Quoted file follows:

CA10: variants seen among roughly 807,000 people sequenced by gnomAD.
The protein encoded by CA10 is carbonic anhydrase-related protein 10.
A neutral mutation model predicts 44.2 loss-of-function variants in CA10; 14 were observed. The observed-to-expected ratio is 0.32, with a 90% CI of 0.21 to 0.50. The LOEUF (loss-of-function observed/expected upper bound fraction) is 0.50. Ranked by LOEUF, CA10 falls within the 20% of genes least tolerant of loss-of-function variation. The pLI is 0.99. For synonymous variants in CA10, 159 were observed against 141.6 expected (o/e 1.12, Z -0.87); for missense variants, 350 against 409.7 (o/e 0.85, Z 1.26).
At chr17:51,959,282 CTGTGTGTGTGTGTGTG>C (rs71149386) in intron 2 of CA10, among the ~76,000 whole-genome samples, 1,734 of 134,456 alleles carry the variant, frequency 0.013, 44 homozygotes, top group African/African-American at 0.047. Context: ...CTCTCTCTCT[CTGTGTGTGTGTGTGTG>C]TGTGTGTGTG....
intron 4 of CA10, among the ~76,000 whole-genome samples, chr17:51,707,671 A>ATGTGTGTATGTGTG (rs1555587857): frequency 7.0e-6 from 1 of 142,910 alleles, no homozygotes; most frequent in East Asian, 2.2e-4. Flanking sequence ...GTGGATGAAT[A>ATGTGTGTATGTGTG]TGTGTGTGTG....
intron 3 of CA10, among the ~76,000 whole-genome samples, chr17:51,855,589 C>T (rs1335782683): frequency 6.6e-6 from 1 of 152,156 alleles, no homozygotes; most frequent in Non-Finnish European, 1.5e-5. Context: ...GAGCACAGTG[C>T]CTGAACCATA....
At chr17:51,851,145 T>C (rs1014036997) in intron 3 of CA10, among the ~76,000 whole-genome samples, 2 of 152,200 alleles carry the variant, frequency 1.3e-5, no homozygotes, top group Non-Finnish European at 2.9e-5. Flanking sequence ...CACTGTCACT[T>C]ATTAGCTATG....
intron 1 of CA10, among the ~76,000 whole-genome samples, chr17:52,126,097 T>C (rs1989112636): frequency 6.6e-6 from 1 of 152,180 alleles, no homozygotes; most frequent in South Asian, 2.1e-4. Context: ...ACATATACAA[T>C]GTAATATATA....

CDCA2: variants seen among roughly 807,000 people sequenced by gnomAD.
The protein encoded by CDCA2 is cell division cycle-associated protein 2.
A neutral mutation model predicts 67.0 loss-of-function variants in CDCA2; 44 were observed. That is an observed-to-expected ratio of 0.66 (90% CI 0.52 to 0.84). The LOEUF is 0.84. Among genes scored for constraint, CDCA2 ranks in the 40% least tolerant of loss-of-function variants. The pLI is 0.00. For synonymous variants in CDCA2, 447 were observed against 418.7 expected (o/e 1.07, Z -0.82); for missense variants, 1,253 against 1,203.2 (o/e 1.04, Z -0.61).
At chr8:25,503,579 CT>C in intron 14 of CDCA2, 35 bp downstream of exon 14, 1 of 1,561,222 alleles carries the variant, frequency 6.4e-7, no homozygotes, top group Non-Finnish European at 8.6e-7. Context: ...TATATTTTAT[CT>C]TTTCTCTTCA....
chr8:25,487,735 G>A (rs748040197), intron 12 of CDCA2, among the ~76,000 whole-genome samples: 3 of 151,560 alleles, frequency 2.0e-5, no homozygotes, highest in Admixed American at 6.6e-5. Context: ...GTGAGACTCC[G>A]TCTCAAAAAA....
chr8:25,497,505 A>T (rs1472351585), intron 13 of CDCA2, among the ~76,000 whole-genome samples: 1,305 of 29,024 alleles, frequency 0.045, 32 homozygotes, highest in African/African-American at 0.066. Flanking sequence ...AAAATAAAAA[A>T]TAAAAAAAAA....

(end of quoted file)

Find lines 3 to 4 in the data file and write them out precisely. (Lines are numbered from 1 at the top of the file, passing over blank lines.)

A neutral mutation model predicts 44.2 loss-of-function variants in CA10; 14 were observed. The observed-to-expected ratio is 0.32, with a 90% CI of 0.21 to 0.50. The LOEUF (loss-of-function observed/expected upper bound fraction) is 0.50. Ranked by LOEUF, CA10 falls within the 20% of genes least tolerant of loss-of-function variation. The pLI is 0.99. For synonymous variants in CA10, 159 were observed against 141.6 expected (o/e 1.12, Z -0.87); for missense variants, 350 against 409.7 (o/e 0.85, Z 1.26).
At chr17:51,959,282 CTGTGTGTGTGTGTGTG>C (rs71149386) in intron 2 of CA10, among the ~76,000 whole-genome samples, 1,734 of 134,456 alleles carry the variant, frequency 0.013, 44 homozygotes, top group African/African-American at 0.047. Context: ...CTCTCTCTCT[CTGTGTGTGTGTGTGTG>C]TGTGTGTGTG....